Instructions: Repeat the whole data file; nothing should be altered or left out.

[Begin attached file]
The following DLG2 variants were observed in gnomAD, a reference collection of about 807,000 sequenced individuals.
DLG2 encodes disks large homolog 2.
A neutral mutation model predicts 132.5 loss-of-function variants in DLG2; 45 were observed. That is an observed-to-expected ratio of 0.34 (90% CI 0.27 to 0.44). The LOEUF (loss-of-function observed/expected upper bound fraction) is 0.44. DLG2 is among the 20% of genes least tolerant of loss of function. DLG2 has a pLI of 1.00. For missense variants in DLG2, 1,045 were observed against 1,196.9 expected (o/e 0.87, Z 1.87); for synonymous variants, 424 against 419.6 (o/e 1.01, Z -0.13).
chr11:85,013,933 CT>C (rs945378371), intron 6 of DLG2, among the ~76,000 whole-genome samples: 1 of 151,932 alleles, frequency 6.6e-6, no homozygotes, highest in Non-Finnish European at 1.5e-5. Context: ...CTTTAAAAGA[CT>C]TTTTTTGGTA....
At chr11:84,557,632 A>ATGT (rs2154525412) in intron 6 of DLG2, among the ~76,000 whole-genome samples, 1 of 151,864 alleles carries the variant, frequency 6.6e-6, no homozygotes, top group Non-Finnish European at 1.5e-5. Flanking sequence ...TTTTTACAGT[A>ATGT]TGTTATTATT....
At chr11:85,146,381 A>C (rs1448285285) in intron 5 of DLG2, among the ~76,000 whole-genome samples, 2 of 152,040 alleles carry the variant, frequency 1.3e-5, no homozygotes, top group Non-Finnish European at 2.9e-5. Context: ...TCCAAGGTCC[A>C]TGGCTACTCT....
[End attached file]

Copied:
The following DLG2 variants were observed in gnomAD, a reference collection of about 807,000 sequenced individuals.
DLG2 encodes disks large homolog 2.
A neutral mutation model predicts 132.5 loss-of-function variants in DLG2; 45 were observed. That is an observed-to-expected ratio of 0.34 (90% CI 0.27 to 0.44). The LOEUF (loss-of-function observed/expected upper bound fraction) is 0.44. DLG2 is among the 20% of genes least tolerant of loss of function. DLG2 has a pLI of 1.00. For missense variants in DLG2, 1,045 were observed against 1,196.9 expected (o/e 0.87, Z 1.87); for synonymous variants, 424 against 419.6 (o/e 1.01, Z -0.13).
chr11:85,013,933 CT>C (rs945378371), intron 6 of DLG2, among the ~76,000 whole-genome samples: 1 of 151,932 alleles, frequency 6.6e-6, no homozygotes, highest in Non-Finnish European at 1.5e-5. Context: ...CTTTAAAAGA[CT>C]TTTTTTGGTA....
At chr11:84,557,632 A>ATGT (rs2154525412) in intron 6 of DLG2, among the ~76,000 whole-genome samples, 1 of 151,864 alleles carries the variant, frequency 6.6e-6, no homozygotes, top group Non-Finnish European at 1.5e-5. Flanking sequence ...TTTTTACAGT[A>ATGT]TGTTATTATT....
At chr11:85,146,381 A>C (rs1448285285) in intron 5 of DLG2, among the ~76,000 whole-genome samples, 2 of 152,040 alleles carry the variant, frequency 1.3e-5, no homozygotes, top group Non-Finnish European at 2.9e-5. Context: ...TCCAAGGTCC[A>C]TGGCTACTCT....